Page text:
On Obtaining Positions: Mr. Hamilton’s answer to the present difficult situation regarding the obtaining of positions for his graduates is, “Teach them to be useful in their own homes.” For this purpose, greater attention has been given recently to the girls’ instruction in home economics. They become proficient in such domestic arts as cooking, sewing, and cleaning. At Mr. Hamilton’s suggestion, a suite of rooms has been fitted up as a housekeeping apartment, in which two blind girls live alone for as long as two weeks. Although a teacher is always within calling distance, she is rarely summoned; and the students take pride in the fact that they can prepare their meals and keep their apartment in order entirely unassisted.

With regret, Mr. Hamilton mentioned that the scope of economic activities for his boys is not broadening rapidly. At present, an effort is being made to introduce poultry-raising into his school. Chair caning and mattress making are, in Mr. Hamilton’s opinion, the industrial occupations best adapted to the boys without sight.

Besides speaking on his work with the blind before many organizations of Western New York, Mr. Hamilton has written on it for magazines of national circulation. A born teacher, he never misses an opportunity to conduct a class. He readily assumes the duties of any absent teacher, whether of a primary or high school grade, and through the contact of the classroom gains an insight into the thoughts and hopes of his pupils.

Mr. Hamilton has traveled from the Atlantic to the Pacific Coast and has made two trips abroad. His knowledge of the French and German language is sufficient to make him understood in any foreign city. He reads the periodicals and newspapers that keep him abreast of current issues and problems and the numerous modern discoveries and inventions, and is familiar with the best of contemporary fiction.

Mr. Hamilton, who has been active in the Batavia Rotary for thirteen years, was the third president of the organization. He is also affiliated with the Masonic fraternity and the Holland Club of Batavia. He is a past chairman of the Batavia Boy Scout organization, and a former chairman of the board of trustees of the Baptist Church of that city.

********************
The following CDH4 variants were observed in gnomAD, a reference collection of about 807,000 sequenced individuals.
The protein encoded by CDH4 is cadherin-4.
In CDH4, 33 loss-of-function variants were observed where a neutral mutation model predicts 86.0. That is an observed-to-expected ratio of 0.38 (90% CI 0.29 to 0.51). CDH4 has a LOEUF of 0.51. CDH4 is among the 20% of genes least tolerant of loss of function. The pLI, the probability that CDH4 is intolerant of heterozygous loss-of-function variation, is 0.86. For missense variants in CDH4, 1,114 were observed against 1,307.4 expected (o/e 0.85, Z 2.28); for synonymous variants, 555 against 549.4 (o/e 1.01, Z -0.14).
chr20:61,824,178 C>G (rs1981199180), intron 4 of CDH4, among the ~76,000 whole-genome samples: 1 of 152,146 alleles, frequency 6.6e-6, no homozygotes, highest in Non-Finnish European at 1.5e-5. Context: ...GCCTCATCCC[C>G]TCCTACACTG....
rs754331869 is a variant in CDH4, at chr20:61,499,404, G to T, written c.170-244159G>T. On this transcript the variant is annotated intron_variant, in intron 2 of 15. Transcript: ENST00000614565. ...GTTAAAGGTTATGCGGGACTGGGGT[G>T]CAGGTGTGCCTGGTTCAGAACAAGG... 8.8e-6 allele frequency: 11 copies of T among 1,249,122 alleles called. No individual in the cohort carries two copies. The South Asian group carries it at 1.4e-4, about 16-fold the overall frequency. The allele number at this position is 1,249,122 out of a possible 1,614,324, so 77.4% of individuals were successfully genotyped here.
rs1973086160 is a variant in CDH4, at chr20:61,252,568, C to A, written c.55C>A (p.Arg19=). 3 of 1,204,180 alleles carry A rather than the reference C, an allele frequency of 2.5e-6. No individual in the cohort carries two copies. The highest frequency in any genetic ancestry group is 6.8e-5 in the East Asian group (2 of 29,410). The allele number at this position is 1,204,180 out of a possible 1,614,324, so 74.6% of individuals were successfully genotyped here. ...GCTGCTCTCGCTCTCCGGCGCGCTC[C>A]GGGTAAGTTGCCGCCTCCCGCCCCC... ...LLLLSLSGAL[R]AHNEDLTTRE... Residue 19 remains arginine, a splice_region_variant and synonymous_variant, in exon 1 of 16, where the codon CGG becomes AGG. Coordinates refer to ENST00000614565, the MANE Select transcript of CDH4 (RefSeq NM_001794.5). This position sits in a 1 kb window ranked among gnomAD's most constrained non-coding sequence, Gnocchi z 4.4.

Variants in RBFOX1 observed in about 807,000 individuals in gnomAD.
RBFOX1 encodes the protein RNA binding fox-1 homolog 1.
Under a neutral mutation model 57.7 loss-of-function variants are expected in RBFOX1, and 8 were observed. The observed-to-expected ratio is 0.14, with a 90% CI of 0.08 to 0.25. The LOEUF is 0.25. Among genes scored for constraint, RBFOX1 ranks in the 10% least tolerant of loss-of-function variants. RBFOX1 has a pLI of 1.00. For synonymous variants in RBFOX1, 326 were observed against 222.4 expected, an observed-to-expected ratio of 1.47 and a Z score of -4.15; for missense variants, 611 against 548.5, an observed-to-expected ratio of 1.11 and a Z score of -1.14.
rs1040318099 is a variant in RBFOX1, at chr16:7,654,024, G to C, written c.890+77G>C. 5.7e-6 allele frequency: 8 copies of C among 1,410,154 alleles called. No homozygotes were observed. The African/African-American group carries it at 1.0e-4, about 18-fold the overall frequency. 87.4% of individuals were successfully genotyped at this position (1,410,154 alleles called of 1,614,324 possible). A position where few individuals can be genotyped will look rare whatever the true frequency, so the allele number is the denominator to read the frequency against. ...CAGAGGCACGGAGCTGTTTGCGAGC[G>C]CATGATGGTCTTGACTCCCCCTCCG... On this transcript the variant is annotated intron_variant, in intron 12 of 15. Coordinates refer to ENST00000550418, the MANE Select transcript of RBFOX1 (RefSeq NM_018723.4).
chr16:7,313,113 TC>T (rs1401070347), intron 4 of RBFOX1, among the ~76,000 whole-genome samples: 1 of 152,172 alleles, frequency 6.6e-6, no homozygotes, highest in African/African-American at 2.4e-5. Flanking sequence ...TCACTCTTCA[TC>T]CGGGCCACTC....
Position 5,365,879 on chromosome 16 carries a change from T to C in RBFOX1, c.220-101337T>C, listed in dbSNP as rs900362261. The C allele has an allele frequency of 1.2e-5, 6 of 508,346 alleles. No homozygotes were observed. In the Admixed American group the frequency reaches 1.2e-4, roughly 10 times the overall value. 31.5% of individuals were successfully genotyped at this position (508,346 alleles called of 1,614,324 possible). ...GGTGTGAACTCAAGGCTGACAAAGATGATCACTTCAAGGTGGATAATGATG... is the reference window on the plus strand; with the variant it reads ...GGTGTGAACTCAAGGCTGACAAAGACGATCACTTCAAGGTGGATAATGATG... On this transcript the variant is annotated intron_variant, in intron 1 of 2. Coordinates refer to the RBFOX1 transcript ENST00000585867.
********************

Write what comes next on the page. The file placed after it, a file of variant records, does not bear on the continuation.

Helen Keller

On 21 June 2008, this undated, signed photograph of Helen Keller was found in the Webster house at 180 Bradford St. in Provincetown, Massachusetts. It was originally given to Gertrude & Charles. Their daughter Allegra must have brought it to the Provincetown house where a lot of family treasures were found. The inscription reads: “To Mr. and Mrs. Hamilton, With happy thoughts of their kindness and helpfulness in my work for the blind of America. Very sincerely, Helen Keller”

Charles & Gertrude were the parents of a daughter:

1. Allegra Estelle Hamilton (Tim’s grandmother), born 17 August 1900 in Newark (Wayne) New York, died 16 January 1992 in Keene (Cheshire) New Hampshire. She married (as her first husband) 18 September 1928 in Batavia (Genesee) New York, Karl Freeman Rodgers, who was born 22 October 1895 in Provincetown (Barnstable) Massachusetts, and died 27 March 1971 in Boston (Suffolk) Massachusetts, son of George Lincoln and Mary Jane (Rodgers) Rodgers. Allegra & Karl were the parents of two children. Allegra married (as her second husband and as his second wife) 26 July 1975 in San Antonio (Bexar) Texas, Lester Dean Lloyd, who was born 5 October 1903 in Red Oak (Montgomery) Iowa, and died 23 September 1988 in Schertz (Guadalupe) Texas, son of Noah R. and Mary Alma (McGimpsey) Lloyd.

humble genealogist

“Young Peasant Woman with Three Children at the Window” by Ferdinand Georg Waldmüller (1793-1865) Austrian Painter
“Young Peasant Woman with Three Children at the Window”
by Ferdinand Georg Waldmüller

I don’t mean to belittle the accomplishments of those whose names we memorize for tests and whose statues we admire. I just think it’s time to make a little room for the rest of our ancestors — and I’m happy to report that this is already happening. You never had to be famous, rich, or educated to leave a trace, but unless you were, you tended to be overlooked. But now, that’s all beginning to change, and at the vanguard of this democratization of history is the humble genealogist.
~ Megan Smolenyak
(Hey, America, Your Roots Are Showing)